Date of Award:


Document Type:


Degree Name:

Doctor of Philosophy (PhD)


Chemistry and Biochemistry


Alexander I. Boldyrev


On-board hydrogen storage presents a challenging barrier to the use of hydrogen as an energy source because the performance of current storage materials falls short of platform requirements. Because boron is one of the lightest chemical elements that can form strong covalent bonds with hydrogen, it provides an excellent opportunity to design new lightweight materials on the basis of novel boron hydride building blocks. Realizing this potential requires an understanding of the electronic structure, chemical bonding, and stability of neutral and anionic BxHy clusters with variable stoichiometry. While a large number of boron hydride compounds are known, there are still entire classes of yet unknown neutral and anionic BxHy clusters and molecules with various new x/y ratios which may be good candidates for hydrogen storage or as intermediates of borane de-hydrogenation. The primary aim of this dissertation was to search for neutral and anionic BxHy clusters that are thermochemically stable towards hydrogen release and to understand the chemical bonding in these novel clusters. These goals were accomplished by performing an unbiased search for neutral and anionic global minimum BxHy clusters using ab initio methods.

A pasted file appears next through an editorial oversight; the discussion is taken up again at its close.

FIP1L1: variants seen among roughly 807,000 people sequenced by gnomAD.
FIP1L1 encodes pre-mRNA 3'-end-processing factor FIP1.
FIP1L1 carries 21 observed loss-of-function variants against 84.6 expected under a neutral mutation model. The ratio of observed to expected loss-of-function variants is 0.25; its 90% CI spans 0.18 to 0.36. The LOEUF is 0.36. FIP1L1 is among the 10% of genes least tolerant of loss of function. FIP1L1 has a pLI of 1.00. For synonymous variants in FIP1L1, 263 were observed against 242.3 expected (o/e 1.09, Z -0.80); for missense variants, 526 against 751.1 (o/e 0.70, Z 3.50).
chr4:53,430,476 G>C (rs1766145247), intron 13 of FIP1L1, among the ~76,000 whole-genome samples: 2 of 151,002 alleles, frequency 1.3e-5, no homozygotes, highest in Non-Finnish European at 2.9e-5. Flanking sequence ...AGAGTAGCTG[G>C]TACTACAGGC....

In addition to finding a rich variety of new neutral and anionic BxHy (x = 3 – 6 and y = 4 – 7) clusters that could be building blocks for novel hydrogen-boron materials during the course of conducting this research, optical isomerism was discovered in select neutral and anionic boron-hydride clusters. Furthermore, the transition from planar to 3- dimensional geometries in global minimum B6Hx - clusters was discovered using ab initio techniques during this study. Chemical bonding analysis using the AdNDP method was performed for all global minimum structures and low-lying isomers. The chemical bonding pattern recovered by the AdNDP method in all cases is consistent with the geometric structure. The theoretical vertical detachment energies presented in this dissertation may help interpret future photoelectron spectroscopic studies of the anions presented here.


This work made publicly available electronically on January 19, 2011.